Yet, the picture is not entirely bleak. Artificial intelligence and machine learning have been used for some time to achieve cybersecurity goals and to protect against threats. ML can detect abnormal behaviour or identify malicious emails or executable code. Most of the time, these applications require huge amounts of data during the training phase. As a result, traditional ML for cybersecurity is very resource-intensive and expensive. However, innovations over the last decade, whether in hardware (like tensor processing units) or in AI models (like ChatAI and ImageAI in various forms and flavours), have lowered the cost of ML, thereby making the development of market products more sustainable.

Quantum machine learning has the potential to generate significant efficiency benefits to the model training phase, making ML a more effective security tool. Due to inherent aspects of quantum computing like entanglement and superposition, the processing of huge datasets can be facilitated and simplified. While the still unsolved issue of data encoding and loading into a quantum computer stands in the way of processing high volumes of data with a quantum computer at this time, we fully expect industry to overcome these challenges over the next decade.

Machine learning in the real world

In academia, cybersecurity QML has progressed based on simulations. However, at some point simulations fall short and real-world tests are needed. The detection of spam in emails can be considered a benchmark: it is well understood, not overly complex, and has a vast amount of useful training data available. Together with Fraunhofer IAIS, Capgemini has used an actual quantum computer to conduct spam filtering. While this method is not currently cost-effective, it demonstrates what is possible, as well as the advantages and disadvantages of using today’s quantum devices for cybersecurity QML.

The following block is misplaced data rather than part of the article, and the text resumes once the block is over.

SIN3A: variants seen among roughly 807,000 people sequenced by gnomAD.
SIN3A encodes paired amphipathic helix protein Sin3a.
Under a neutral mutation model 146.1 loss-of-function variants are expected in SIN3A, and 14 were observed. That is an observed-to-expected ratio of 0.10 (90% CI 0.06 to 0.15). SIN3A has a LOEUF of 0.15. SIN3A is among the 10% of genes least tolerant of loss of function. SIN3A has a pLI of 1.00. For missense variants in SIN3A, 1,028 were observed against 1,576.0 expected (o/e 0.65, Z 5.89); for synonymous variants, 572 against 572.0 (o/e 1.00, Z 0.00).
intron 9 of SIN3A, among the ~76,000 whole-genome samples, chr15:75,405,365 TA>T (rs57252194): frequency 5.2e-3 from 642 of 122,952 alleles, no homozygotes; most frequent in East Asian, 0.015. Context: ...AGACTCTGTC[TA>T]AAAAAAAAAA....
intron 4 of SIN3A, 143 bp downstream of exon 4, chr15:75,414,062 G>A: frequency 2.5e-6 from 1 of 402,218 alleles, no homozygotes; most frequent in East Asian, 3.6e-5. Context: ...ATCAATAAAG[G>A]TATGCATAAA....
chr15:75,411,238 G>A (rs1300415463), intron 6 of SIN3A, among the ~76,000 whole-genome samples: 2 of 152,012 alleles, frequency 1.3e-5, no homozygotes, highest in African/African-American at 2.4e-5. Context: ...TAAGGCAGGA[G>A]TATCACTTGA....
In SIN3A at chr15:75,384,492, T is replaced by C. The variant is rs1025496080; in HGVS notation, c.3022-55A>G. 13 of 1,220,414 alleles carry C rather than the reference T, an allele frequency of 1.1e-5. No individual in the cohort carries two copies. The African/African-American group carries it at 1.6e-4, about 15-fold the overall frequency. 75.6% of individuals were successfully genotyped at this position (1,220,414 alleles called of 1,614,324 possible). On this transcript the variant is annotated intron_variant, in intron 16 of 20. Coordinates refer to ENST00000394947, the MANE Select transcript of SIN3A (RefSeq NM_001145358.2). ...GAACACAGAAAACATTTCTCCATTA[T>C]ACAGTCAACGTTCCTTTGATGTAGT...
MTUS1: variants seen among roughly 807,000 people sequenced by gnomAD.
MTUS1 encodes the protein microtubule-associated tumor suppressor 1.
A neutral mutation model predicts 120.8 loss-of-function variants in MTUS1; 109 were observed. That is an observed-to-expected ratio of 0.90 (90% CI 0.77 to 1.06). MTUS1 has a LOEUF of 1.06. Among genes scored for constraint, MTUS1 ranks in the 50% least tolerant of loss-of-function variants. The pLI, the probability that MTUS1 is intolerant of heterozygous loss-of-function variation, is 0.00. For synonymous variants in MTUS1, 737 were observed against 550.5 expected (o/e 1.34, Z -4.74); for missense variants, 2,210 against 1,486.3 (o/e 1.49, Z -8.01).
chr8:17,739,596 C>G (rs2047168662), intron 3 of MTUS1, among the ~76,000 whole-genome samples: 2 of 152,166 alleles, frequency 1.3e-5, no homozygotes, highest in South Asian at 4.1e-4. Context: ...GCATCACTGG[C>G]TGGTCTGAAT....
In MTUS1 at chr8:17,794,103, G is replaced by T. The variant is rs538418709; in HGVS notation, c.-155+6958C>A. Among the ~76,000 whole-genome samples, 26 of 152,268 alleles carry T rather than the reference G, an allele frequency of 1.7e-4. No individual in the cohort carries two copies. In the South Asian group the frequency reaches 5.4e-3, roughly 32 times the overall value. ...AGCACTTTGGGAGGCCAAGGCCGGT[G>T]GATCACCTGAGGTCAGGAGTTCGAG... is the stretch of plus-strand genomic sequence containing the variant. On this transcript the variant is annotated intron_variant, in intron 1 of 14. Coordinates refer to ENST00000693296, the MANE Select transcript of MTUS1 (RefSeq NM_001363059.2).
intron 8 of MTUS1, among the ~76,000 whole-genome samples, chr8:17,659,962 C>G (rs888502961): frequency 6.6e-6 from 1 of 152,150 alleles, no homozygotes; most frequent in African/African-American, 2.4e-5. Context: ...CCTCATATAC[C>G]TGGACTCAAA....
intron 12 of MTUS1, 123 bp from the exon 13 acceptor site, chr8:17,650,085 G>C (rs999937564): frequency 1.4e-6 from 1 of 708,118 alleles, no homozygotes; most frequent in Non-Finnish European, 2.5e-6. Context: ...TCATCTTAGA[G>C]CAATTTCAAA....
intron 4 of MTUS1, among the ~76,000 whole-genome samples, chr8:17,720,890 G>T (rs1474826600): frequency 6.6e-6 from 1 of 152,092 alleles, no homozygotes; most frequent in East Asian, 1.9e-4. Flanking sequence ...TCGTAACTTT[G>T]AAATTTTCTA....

We can foresee other uses for quantum machine learning in cybersecurity, such as mapping critical infrastructure or the cybercriminal ecosystem. Combining these applications will make QML into a highly effective tool for defenders.

Staying ahead of the quantum curve

Given the current state of quantum computing, cybersecurity companies do not need to create concrete plans for integrating quantum computing into everyday business operations in the near future. That said, the quantum computing ecosystem is evolving, with significant recent advancements (such as Google’s presentation of the first quantum error correction algorithm) and products (such as IBM’s Osprey chip with 433 qubits). At the same time, research projects are breaking the barrier from purely theoretical to simulated and now to actual quantum experiments. Not only do these changes mean that we can reduce the amount of quantum computing hype, but also that we will soon have reliable data points to project what the near future will hold for quantum computing.

Investing in quantum computing requires long-term thinking; tangible returns will not be realized in the near future. Waiting for others to carry the burden, however, brings a risk of being under-prepared and behind the curve. The impending revolution is likely to leave unprepared organizations razed in its wake.


How is the Forum tackling global cybersecurity challenges?

In conclusion, change is coming to the cybersecurity industry that reflects changes in the broader digital ecosystem. While we cannot say precisely how QML will be incorporated into cybersecurity operations, we can foresee its utility as a security tool. Given the overall state of cybersecurity, it cannot get here a moment too soon.

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The views expressed in this article are those of the author alone and not the World Economic Forum.

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Emerging TechnologiesCybersecurity